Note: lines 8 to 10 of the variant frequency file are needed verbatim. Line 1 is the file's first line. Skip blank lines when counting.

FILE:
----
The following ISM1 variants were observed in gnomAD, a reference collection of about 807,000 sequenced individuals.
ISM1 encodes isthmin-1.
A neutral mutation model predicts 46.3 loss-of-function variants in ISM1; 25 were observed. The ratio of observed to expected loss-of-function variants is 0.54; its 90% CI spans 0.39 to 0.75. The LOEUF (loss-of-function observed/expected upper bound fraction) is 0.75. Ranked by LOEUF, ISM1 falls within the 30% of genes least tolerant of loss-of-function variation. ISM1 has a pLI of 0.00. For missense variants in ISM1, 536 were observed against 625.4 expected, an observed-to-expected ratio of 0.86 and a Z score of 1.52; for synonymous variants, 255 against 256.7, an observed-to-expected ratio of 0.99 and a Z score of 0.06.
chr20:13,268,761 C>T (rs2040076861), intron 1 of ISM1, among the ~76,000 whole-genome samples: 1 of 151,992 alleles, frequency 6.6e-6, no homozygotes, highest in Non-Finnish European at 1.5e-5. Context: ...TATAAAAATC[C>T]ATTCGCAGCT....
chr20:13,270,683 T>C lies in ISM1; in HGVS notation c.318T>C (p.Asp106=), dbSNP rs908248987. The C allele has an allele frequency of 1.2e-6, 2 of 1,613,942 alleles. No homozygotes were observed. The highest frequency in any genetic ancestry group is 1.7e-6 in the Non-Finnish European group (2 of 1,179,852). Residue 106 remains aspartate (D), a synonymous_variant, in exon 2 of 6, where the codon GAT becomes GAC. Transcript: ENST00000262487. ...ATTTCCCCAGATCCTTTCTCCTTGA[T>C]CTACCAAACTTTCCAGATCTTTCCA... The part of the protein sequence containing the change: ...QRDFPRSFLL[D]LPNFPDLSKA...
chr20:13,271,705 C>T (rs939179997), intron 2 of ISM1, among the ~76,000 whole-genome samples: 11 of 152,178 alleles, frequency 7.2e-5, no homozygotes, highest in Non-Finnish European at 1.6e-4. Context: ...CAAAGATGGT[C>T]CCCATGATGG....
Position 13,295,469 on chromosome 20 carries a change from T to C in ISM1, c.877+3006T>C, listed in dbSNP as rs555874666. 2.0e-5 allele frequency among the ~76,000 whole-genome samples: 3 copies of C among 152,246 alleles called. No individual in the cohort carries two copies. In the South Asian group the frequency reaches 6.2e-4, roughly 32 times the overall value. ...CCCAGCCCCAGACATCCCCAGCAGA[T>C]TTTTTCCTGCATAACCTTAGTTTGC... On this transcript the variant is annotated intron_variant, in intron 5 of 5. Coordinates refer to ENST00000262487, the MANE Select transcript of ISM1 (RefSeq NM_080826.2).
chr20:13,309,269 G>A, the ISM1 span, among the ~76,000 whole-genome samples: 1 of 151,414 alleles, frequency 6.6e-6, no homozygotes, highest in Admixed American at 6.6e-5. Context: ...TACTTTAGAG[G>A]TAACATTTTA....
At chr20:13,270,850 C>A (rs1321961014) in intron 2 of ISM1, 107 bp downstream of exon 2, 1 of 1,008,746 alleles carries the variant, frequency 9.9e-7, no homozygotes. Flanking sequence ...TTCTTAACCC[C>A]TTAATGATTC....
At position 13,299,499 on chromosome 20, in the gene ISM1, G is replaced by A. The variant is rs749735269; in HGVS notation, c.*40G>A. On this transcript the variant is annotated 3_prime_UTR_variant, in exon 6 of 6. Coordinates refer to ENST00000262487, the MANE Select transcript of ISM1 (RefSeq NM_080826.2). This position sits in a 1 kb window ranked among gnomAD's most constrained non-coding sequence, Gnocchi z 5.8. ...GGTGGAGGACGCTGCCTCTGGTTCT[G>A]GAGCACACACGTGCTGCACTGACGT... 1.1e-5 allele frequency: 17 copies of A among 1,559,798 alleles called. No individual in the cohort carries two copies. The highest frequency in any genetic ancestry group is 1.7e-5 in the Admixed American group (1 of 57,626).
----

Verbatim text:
chr20:13,309,269 G>A, the ISM1 span, among the ~76,000 whole-genome samples: 1 of 151,414 alleles, frequency 6.6e-6, no homozygotes, highest in Admixed American at 6.6e-5. Context: ...TACTTTAGAG[G>A]TAACATTTTA....
At chr20:13,270,850 C>A (rs1321961014) in intron 2 of ISM1, 107 bp downstream of exon 2, 1 of 1,008,746 alleles carries the variant, frequency 9.9e-7, no homozygotes. Flanking sequence ...TTCTTAACCC[C>A]TTAATGATTC....
At position 13,299,499 on chromosome 20, in the gene ISM1, G is replaced by A. The variant is rs749735269; in HGVS notation, c.*40G>A. On this transcript the variant is annotated 3_prime_UTR_variant, in exon 6 of 6. Coordinates refer to ENST00000262487, the MANE Select transcript of ISM1 (RefSeq NM_080826.2). This position sits in a 1 kb window ranked among gnomAD's most constrained non-coding sequence, Gnocchi z 5.8. ...GGTGGAGGACGCTGCCTCTGGTTCT[G>A]GAGCACACACGTGCTGCACTGACGT... 1.1e-5 allele frequency: 17 copies of A among 1,559,798 alleles called. No individual in the cohort carries two copies. The highest frequency in any genetic ancestry group is 1.7e-5 in the Admixed American group (1 of 57,626).